To help with the article I asked for views, via this blog, from sub-editors.
Two of the best contributions came from former executive editor of the Birmingham Post Mike Hughes, who runs his own consultancy Mike Hughes Advisers, and from a senior Scottish production journalist who did not want to be named. Here is a sample of their thoughts on subbing in the future:
Senior production journalist: "The writing's on the wall for sub-editing as we know it ... but then the writing's on the wall for newspapers as we know them, too. This isn't news. I absolutely believe there's a vital role for production journalists in the future -- the core skills of editing and presentation are no less vital. But it's not going to be the traditional subbing model, and trying to hold on to that is looking increasingly desperate. But that seems to be what too many subs are trying to do right now. We need to evolve -- to convince managers that we still matter, that accuracy still matters, that presentation still matters, that quality still matters. We need to make it clear that we can play a more important role than ever in digital publications, as well as being vital in getting the existing paper products out of the door."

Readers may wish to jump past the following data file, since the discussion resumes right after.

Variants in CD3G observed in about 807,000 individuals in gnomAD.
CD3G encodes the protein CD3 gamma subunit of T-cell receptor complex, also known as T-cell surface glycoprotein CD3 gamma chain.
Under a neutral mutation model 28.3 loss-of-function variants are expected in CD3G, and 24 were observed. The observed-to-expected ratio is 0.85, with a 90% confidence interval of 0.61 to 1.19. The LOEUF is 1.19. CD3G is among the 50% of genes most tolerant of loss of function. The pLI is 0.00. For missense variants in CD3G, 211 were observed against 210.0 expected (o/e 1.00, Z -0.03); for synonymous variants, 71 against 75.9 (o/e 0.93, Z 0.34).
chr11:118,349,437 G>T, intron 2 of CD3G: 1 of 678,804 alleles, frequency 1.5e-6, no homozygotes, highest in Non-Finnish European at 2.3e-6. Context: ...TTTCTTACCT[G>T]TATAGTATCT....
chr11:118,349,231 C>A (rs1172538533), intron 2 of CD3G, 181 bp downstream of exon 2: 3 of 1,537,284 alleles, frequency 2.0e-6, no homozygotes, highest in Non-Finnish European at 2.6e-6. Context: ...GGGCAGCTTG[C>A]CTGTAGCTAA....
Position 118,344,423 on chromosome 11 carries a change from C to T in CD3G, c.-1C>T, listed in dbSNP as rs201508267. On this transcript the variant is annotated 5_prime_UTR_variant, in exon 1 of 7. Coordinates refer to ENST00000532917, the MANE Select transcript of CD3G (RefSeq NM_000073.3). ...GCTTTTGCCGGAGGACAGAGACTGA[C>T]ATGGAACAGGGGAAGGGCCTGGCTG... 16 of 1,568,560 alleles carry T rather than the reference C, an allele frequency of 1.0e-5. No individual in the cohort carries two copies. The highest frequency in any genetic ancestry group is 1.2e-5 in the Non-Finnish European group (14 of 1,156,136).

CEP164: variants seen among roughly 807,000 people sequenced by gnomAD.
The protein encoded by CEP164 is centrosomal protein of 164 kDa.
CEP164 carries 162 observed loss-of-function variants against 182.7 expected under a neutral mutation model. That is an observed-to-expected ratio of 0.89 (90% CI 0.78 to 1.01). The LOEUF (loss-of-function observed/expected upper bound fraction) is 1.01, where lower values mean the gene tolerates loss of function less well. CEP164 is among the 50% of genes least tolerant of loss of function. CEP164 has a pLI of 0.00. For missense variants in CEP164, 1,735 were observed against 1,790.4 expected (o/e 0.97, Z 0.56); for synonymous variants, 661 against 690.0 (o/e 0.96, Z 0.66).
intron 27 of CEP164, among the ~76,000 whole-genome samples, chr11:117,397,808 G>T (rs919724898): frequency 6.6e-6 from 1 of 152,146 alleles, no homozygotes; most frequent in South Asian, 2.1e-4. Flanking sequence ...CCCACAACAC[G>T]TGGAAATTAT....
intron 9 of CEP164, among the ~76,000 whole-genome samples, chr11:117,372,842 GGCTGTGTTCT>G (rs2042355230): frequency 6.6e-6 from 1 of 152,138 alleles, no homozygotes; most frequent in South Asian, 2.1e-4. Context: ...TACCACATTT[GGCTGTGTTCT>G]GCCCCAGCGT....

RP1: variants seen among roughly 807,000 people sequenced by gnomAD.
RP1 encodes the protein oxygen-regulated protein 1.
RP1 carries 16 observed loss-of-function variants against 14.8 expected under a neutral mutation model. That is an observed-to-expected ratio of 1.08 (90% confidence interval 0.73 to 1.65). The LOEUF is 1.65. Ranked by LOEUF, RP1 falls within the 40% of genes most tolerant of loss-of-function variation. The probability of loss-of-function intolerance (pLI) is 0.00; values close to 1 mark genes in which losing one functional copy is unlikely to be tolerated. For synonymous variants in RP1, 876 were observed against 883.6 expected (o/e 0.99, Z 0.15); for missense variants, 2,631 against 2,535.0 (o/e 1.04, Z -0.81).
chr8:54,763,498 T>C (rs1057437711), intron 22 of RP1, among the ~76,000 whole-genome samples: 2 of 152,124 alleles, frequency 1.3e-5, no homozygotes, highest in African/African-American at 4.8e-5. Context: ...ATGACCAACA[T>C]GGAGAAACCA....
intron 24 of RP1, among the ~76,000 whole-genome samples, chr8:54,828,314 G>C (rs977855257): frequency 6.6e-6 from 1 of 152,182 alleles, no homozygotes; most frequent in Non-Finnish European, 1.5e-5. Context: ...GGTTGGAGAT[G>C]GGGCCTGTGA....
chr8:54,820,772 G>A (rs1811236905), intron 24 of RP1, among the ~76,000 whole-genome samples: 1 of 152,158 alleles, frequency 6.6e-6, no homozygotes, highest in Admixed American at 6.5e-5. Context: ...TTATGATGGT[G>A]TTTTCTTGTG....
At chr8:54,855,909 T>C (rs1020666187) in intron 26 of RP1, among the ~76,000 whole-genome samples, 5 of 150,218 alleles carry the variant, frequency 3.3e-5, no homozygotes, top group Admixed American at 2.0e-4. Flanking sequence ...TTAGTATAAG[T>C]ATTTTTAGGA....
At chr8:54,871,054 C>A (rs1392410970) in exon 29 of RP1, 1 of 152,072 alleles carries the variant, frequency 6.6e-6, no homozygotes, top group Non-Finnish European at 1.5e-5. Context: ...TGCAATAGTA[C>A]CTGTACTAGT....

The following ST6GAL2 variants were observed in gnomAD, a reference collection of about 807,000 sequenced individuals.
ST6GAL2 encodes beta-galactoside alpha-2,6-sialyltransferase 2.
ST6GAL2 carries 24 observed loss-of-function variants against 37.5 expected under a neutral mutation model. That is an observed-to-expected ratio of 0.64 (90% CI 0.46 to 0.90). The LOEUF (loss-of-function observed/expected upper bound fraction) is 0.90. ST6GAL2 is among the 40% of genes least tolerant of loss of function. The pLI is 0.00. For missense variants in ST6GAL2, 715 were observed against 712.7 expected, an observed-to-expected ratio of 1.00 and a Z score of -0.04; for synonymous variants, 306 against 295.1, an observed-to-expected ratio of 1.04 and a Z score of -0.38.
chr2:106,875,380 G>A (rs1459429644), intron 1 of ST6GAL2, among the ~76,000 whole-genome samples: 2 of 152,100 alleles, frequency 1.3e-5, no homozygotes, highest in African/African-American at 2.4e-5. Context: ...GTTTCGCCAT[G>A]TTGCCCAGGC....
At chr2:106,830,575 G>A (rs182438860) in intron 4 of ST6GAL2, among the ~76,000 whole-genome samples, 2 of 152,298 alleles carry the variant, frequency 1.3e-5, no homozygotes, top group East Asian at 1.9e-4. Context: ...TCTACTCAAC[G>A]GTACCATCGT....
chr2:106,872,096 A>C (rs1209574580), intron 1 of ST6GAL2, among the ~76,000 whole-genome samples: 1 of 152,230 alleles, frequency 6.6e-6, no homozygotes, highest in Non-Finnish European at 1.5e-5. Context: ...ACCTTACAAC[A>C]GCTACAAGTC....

Mike Hughes: "To be as frank as possible about it, some jobs previously done by two or three people can be done by one. New technology makes it possible with the likes of story templates for reporters and page templates for designers, but it has to have a new attitude as well, from management as well as the workforce. It will not work – and will lead to more damaging disputes that will kill off the industry anyway, regardless of cuts and disastrous revenue streams - if reporters and subs are told: 'Look – we’ve paid someone to invent this for you. Now go off and wait to see if you are one of the few left to use it.' "
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